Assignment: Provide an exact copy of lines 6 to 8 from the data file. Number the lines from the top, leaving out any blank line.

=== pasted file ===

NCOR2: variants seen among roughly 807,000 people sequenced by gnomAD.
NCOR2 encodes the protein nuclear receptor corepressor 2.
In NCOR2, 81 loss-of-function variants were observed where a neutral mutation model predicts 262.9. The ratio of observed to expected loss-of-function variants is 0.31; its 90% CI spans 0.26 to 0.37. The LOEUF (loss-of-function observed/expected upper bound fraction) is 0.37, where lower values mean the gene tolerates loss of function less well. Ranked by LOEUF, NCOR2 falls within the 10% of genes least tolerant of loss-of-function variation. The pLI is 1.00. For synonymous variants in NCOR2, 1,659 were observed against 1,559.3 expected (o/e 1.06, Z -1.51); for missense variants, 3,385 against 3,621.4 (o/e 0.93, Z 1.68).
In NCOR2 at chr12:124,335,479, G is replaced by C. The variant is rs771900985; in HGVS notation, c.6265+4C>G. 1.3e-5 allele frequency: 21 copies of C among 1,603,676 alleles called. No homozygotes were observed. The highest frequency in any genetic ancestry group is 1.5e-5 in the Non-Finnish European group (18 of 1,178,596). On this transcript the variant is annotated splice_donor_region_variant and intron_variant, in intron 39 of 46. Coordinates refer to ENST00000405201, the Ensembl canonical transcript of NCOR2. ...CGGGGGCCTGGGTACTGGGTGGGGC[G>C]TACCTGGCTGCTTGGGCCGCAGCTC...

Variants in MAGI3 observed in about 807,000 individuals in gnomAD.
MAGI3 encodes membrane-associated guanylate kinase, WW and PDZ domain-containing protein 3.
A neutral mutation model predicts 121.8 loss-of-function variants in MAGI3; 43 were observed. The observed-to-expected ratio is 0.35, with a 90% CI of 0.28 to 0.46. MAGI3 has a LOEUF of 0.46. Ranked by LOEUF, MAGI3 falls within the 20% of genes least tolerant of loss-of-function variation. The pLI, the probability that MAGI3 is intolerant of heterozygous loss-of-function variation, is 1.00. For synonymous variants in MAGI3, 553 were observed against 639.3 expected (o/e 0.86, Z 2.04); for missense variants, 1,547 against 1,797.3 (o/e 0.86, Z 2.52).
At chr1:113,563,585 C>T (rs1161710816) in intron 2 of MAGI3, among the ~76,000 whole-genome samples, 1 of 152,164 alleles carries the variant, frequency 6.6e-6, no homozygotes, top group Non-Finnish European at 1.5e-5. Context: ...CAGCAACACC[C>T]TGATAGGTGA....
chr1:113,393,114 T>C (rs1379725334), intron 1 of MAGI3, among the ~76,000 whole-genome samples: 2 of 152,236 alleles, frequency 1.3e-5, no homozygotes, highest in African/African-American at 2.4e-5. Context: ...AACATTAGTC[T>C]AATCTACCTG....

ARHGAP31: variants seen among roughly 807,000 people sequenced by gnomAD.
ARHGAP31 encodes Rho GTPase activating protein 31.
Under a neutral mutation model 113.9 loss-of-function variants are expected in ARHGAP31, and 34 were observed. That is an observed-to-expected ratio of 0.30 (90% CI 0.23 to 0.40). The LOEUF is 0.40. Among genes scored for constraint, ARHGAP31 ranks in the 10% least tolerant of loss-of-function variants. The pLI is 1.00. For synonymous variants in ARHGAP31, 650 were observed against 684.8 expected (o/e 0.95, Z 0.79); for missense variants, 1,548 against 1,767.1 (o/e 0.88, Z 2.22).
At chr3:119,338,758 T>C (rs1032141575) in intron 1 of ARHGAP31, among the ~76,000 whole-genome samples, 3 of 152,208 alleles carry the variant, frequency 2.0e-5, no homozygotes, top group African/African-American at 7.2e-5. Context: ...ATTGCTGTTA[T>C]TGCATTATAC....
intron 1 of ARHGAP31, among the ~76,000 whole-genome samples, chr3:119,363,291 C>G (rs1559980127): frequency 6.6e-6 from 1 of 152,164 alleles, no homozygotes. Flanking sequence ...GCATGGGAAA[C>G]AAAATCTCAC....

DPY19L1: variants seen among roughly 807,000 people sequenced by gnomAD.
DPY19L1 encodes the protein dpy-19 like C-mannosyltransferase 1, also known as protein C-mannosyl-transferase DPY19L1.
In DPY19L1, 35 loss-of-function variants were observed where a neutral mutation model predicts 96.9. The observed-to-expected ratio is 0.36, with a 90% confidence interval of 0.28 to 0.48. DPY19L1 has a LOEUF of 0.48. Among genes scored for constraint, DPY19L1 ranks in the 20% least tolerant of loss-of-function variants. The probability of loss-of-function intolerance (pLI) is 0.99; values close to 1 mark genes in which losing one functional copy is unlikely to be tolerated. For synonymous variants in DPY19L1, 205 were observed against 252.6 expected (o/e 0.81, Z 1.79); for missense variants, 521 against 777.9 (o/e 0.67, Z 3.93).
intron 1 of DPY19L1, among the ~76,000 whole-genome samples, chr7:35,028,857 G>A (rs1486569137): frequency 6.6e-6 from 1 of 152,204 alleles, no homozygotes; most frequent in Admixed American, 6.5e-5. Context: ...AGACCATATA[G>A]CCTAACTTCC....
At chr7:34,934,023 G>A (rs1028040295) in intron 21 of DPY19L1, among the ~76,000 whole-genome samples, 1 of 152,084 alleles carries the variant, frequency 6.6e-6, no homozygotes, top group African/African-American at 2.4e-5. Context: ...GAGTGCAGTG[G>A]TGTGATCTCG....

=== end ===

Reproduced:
MAGI3 encodes membrane-associated guanylate kinase, WW and PDZ domain-containing protein 3.
A neutral mutation model predicts 121.8 loss-of-function variants in MAGI3; 43 were observed. The observed-to-expected ratio is 0.35, with a 90% CI of 0.28 to 0.46. MAGI3 has a LOEUF of 0.46. Ranked by LOEUF, MAGI3 falls within the 20% of genes least tolerant of loss-of-function variation. The pLI, the probability that MAGI3 is intolerant of heterozygous loss-of-function variation, is 1.00. For synonymous variants in MAGI3, 553 were observed against 639.3 expected (o/e 0.86, Z 2.04); for missense variants, 1,547 against 1,797.3 (o/e 0.86, Z 2.52).
At chr1:113,563,585 C>T (rs1161710816) in intron 2 of MAGI3, among the ~76,000 whole-genome samples, 1 of 152,164 alleles carries the variant, frequency 6.6e-6, no homozygotes, top group Non-Finnish European at 1.5e-5. Context: ...CAGCAACACC[C>T]TGATAGGTGA....